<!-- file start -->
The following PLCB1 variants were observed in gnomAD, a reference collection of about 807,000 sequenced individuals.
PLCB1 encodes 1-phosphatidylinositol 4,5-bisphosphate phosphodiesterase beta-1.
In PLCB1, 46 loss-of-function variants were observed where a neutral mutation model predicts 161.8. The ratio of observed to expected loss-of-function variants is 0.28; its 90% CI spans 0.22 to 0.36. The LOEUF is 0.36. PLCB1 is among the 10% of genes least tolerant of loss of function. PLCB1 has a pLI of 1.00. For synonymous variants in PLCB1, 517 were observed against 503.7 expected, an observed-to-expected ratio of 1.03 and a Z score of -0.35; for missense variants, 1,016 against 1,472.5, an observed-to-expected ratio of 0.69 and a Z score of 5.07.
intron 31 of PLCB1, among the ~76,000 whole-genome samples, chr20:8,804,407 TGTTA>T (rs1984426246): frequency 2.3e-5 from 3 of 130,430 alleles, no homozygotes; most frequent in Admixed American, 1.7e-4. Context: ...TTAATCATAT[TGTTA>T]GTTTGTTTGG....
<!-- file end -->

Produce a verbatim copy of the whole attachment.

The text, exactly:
The following PLCB1 variants were observed in gnomAD, a reference collection of about 807,000 sequenced individuals.
PLCB1 encodes 1-phosphatidylinositol 4,5-bisphosphate phosphodiesterase beta-1.
In PLCB1, 46 loss-of-function variants were observed where a neutral mutation model predicts 161.8. The ratio of observed to expected loss-of-function variants is 0.28; its 90% CI spans 0.22 to 0.36. The LOEUF is 0.36. PLCB1 is among the 10% of genes least tolerant of loss of function. PLCB1 has a pLI of 1.00. For synonymous variants in PLCB1, 517 were observed against 503.7 expected, an observed-to-expected ratio of 1.03 and a Z score of -0.35; for missense variants, 1,016 against 1,472.5, an observed-to-expected ratio of 0.69 and a Z score of 5.07.
intron 31 of PLCB1, among the ~76,000 whole-genome samples, chr20:8,804,407 TGTTA>T (rs1984426246): frequency 2.3e-5 from 3 of 130,430 alleles, no homozygotes; most frequent in Admixed American, 1.7e-4. Context: ...TTAATCATAT[TGTTA>T]GTTTGTTTGG....